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Canine Distemper

Canine Distemper is a highly contagious viral disease that is transmitted in the air. It affects the dog's respiratory, gastrointestinal and central nervious system and can be fatal if not treated in time. Puppies and older dogs are more susceptible to contracting canine distemper. (Distemper in cats is known as Feline Panleukopenia and is caused by the parvovirus.)

Symptoms of Canine Distemper

Dogs who have contracted canine distemper suffer from the following symptoms which often get more severe as the disease progresses:

  • Redness in the eyes
  • Nasal discharge
  • Vomiting
  • Diarrhea
  • Coughing
  • Shivering
  • High fever
  • Loss of appetite and weight loss
  • Sensitivity to light
  • Thickened footpads
  • Quickly exhausted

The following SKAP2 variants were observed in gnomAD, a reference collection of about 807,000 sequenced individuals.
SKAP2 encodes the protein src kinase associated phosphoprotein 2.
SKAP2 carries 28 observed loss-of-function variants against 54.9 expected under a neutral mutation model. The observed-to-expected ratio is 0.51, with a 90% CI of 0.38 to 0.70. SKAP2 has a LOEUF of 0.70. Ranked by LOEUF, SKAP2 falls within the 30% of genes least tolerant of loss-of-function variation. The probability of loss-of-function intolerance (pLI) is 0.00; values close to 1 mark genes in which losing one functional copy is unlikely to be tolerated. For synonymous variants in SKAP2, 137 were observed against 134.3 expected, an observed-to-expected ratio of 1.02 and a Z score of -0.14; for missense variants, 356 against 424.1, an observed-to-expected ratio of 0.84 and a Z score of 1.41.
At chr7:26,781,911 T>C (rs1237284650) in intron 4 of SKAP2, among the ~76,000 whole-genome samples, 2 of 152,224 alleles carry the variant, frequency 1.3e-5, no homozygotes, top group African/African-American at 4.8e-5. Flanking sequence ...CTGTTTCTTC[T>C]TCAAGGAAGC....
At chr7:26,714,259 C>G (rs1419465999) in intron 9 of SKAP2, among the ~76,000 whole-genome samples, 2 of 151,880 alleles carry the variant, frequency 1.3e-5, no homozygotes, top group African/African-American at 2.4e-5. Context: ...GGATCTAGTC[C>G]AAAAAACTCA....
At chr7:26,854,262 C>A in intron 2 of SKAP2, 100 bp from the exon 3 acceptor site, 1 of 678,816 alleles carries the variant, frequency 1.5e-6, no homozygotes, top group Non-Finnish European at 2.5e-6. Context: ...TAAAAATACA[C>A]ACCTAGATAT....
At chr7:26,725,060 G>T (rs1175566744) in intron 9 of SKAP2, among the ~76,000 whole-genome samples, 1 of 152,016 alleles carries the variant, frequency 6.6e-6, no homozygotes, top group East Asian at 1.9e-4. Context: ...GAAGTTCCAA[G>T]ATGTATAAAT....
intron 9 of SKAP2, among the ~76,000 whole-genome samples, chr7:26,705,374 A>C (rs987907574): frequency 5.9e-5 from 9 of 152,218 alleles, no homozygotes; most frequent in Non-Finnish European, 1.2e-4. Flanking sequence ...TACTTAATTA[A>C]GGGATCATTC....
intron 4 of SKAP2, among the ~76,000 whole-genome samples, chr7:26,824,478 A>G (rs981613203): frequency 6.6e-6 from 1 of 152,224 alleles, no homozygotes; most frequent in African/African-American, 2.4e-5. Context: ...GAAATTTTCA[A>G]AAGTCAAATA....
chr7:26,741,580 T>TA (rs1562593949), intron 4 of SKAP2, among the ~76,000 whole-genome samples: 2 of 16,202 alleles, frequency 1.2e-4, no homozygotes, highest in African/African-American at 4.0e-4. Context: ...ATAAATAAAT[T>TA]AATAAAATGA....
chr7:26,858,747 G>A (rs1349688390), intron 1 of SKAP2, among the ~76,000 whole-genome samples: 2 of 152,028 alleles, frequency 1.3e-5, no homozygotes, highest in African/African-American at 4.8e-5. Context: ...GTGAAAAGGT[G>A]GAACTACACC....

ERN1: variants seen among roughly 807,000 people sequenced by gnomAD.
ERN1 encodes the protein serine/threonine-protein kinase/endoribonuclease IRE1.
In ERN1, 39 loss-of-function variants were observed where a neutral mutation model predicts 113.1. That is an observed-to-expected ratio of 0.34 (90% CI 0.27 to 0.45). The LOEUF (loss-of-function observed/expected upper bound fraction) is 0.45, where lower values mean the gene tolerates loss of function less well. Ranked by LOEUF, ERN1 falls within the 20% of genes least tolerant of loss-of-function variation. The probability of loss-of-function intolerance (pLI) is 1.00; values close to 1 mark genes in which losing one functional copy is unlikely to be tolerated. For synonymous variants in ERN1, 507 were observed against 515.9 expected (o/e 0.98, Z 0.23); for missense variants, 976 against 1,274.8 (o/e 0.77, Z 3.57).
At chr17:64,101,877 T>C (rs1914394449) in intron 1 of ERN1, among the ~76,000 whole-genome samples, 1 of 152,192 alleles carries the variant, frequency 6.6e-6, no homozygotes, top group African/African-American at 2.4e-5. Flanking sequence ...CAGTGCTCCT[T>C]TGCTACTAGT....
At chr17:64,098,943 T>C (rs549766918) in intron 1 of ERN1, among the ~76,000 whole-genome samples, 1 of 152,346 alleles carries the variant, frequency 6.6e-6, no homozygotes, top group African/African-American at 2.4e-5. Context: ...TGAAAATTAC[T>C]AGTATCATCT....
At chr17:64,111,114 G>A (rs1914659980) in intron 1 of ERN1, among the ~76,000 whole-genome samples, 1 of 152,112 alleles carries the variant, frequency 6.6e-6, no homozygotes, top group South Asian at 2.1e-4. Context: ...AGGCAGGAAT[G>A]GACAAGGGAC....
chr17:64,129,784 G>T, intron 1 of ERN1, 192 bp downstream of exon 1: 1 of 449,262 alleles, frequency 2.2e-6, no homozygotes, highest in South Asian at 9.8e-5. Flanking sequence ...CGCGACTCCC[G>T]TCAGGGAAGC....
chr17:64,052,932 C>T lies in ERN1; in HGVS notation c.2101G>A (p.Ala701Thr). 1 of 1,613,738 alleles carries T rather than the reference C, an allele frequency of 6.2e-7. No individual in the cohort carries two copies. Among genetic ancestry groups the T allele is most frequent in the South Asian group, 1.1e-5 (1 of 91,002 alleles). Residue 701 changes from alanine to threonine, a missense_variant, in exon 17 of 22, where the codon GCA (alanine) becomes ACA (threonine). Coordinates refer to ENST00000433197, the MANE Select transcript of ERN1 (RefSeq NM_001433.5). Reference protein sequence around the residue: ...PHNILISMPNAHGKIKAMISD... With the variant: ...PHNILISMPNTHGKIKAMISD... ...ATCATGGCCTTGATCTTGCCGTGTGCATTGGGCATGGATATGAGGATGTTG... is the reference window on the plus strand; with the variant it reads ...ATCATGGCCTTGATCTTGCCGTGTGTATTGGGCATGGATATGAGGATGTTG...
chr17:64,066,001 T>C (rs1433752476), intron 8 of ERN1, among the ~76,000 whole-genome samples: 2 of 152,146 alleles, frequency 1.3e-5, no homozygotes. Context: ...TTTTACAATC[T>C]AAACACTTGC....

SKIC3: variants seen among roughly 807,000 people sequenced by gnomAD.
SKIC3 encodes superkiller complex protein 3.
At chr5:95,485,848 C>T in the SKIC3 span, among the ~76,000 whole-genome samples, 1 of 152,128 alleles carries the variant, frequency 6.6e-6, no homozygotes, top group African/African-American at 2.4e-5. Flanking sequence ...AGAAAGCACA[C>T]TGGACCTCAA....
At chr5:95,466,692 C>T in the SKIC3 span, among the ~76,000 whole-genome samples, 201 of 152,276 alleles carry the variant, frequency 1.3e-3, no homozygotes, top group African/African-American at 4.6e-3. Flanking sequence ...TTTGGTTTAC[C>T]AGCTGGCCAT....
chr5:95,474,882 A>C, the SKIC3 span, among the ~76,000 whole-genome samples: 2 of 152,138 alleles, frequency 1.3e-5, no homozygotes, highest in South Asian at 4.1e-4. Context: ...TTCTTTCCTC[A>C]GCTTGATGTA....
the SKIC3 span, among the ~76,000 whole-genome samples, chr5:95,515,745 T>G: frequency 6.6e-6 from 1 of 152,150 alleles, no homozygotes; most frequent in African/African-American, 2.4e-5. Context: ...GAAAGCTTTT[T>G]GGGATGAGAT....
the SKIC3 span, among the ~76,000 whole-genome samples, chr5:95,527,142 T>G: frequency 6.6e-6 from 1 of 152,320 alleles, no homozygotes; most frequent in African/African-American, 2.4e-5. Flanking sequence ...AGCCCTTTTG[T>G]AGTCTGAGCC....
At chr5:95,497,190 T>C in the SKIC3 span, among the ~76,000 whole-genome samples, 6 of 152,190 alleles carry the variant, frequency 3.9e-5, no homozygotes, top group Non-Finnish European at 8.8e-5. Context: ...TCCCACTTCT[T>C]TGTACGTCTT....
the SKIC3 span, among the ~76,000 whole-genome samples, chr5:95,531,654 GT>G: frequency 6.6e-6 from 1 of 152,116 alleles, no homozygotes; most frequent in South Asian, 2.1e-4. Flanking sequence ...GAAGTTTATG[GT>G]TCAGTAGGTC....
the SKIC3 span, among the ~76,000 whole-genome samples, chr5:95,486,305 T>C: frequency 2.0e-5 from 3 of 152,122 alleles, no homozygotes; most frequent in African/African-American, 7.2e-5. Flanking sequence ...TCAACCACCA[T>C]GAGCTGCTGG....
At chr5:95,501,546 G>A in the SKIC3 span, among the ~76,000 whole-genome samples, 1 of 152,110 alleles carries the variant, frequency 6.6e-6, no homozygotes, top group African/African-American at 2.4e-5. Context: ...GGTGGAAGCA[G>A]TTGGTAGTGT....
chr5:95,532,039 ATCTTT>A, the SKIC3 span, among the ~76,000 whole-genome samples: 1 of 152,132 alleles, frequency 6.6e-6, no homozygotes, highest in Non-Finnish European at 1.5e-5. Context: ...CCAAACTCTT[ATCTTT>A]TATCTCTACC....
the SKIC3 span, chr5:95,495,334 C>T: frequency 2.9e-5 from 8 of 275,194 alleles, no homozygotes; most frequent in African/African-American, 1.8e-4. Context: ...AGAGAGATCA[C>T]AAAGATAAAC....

• Severe weight loss
  • Fainting
  • Coughing up blood

Conventional Treatment

It is important to seek treatment immediately if you suspect your dog has contracted canine distemper. While there is no known cure, conventional treatment usually involved antibiotics for secondary infections and intravenous fluids. Because most dogs are vaccinated for the distemper virus, the incidence of this disease has greatly decreased over the years. However, many vets and animal caretakers believe that yearly vaccinations are leading to more and more disorders of the immune system which results in dogs and cats becoming susceptible to many diseases.